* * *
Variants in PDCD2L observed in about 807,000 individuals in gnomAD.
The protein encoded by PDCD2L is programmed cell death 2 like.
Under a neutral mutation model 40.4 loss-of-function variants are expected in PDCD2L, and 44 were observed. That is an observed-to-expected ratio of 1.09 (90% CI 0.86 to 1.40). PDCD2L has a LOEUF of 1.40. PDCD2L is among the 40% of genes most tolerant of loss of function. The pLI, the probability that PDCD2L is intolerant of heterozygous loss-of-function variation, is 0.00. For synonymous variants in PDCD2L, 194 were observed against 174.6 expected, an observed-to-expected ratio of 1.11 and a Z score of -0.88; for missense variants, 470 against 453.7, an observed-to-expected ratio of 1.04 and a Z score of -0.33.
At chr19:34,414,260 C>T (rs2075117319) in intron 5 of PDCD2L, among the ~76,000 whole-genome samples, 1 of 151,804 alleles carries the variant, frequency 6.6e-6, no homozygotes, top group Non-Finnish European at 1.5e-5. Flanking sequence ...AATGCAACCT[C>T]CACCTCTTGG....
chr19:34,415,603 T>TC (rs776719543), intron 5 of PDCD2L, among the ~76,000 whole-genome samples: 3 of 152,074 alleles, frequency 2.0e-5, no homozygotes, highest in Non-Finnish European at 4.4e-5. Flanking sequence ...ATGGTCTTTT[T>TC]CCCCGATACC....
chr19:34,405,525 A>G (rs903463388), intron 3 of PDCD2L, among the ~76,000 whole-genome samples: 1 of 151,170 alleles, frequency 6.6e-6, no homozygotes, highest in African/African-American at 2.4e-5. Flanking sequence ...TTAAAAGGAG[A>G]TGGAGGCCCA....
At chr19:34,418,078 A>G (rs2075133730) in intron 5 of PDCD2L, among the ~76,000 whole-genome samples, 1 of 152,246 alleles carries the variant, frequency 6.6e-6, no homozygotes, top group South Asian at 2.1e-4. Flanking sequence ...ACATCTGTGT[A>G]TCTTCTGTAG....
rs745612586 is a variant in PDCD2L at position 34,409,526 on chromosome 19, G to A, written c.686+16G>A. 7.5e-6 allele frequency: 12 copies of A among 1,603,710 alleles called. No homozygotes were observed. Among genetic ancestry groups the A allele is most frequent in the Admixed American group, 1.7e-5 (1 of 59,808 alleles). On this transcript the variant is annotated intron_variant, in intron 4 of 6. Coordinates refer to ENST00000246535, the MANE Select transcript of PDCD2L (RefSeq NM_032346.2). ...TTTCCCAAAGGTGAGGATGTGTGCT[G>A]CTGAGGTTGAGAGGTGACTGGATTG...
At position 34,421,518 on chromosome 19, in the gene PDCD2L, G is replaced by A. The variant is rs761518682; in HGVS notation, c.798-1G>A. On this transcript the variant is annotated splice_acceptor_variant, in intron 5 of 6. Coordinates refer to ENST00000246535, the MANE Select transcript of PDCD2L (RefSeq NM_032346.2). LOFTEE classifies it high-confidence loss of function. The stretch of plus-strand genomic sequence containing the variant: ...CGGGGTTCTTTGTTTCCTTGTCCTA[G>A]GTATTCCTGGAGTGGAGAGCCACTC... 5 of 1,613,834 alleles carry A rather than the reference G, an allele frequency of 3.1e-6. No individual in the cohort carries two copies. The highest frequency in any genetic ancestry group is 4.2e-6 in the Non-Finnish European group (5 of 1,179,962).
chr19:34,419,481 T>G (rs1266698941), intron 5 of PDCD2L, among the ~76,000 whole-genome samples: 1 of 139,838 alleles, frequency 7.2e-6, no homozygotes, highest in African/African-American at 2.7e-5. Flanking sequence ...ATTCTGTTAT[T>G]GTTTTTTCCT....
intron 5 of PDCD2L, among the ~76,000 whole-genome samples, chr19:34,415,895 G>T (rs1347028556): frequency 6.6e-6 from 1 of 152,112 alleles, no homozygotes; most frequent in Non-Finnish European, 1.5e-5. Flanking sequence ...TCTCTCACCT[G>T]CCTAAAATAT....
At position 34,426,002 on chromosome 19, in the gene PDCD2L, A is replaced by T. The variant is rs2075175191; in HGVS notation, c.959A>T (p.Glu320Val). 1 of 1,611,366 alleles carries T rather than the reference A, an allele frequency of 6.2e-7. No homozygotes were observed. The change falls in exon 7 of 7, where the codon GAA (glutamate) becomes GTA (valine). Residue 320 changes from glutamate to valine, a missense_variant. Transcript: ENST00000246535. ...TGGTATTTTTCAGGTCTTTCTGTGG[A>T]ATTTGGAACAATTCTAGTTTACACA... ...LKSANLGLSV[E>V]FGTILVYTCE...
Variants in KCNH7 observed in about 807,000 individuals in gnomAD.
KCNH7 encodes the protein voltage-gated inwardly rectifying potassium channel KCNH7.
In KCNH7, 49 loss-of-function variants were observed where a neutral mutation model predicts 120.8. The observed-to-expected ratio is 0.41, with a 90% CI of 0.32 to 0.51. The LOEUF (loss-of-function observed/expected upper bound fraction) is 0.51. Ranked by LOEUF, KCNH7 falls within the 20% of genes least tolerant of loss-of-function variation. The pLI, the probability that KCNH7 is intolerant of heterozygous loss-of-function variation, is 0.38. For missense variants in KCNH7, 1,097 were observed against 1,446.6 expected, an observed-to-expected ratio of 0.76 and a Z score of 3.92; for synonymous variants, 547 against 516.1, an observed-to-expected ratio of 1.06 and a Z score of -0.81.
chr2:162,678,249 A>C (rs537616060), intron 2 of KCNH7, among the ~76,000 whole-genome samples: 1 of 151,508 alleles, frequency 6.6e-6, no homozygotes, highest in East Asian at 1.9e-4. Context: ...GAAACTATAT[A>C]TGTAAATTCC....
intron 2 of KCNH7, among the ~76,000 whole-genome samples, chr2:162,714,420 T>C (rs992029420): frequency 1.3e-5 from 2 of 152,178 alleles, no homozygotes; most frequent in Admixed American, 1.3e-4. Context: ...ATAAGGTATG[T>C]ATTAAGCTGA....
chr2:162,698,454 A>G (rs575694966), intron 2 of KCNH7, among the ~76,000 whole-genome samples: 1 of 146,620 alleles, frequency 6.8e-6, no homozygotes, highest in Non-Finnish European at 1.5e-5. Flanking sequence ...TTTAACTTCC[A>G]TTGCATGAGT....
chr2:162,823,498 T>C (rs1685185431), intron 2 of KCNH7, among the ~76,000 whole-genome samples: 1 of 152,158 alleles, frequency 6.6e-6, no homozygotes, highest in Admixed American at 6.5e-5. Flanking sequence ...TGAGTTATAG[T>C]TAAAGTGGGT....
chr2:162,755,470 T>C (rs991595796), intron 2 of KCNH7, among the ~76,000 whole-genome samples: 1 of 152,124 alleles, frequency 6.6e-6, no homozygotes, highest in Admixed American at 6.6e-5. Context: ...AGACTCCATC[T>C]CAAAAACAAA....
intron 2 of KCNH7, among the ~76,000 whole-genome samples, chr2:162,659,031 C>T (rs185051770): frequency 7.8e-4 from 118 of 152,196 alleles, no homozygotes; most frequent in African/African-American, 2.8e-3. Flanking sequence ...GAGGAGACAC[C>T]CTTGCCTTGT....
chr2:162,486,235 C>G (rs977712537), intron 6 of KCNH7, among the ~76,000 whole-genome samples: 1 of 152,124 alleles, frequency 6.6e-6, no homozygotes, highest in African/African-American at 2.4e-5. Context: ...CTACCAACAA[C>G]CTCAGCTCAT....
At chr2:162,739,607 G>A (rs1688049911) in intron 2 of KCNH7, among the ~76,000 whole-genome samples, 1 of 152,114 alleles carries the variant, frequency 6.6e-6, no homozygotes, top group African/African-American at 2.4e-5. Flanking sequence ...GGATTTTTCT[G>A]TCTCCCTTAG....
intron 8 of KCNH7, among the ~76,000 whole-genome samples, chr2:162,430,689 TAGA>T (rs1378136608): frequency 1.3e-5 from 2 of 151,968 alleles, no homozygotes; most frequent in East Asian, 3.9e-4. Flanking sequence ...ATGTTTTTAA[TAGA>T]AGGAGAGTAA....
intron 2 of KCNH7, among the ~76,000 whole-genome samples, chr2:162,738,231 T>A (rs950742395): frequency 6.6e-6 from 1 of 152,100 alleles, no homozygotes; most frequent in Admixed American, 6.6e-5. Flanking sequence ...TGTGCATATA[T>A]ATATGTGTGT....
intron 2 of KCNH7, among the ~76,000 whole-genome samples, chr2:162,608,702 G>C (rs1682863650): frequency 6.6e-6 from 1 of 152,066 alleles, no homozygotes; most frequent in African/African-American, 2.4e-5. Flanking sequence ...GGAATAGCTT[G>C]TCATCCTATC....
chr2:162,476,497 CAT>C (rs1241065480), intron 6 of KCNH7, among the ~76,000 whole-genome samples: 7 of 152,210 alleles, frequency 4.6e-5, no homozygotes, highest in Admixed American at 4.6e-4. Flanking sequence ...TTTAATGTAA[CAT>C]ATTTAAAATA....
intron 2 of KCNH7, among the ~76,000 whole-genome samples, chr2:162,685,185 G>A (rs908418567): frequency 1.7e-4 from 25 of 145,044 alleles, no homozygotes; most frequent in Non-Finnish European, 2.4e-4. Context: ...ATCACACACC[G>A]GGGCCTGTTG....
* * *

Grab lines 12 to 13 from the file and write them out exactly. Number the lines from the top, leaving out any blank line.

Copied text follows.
At position 34,426,002 on chromosome 19, in the gene PDCD2L, A is replaced by T. The variant is rs2075175191; in HGVS notation, c.959A>T (p.Glu320Val). 1 of 1,611,366 alleles carries T rather than the reference A, an allele frequency of 6.2e-7. No homozygotes were observed. The change falls in exon 7 of 7, where the codon GAA (glutamate) becomes GTA (valine). Residue 320 changes from glutamate to valine, a missense_variant. Transcript: ENST00000246535. ...TGGTATTTTTCAGGTCTTTCTGTGG[A>T]ATTTGGAACAATTCTAGTTTACACA... ...LKSANLGLSV[E>V]FGTILVYTCE...
Variants in KCNH7 observed in about 807,000 individuals in gnomAD.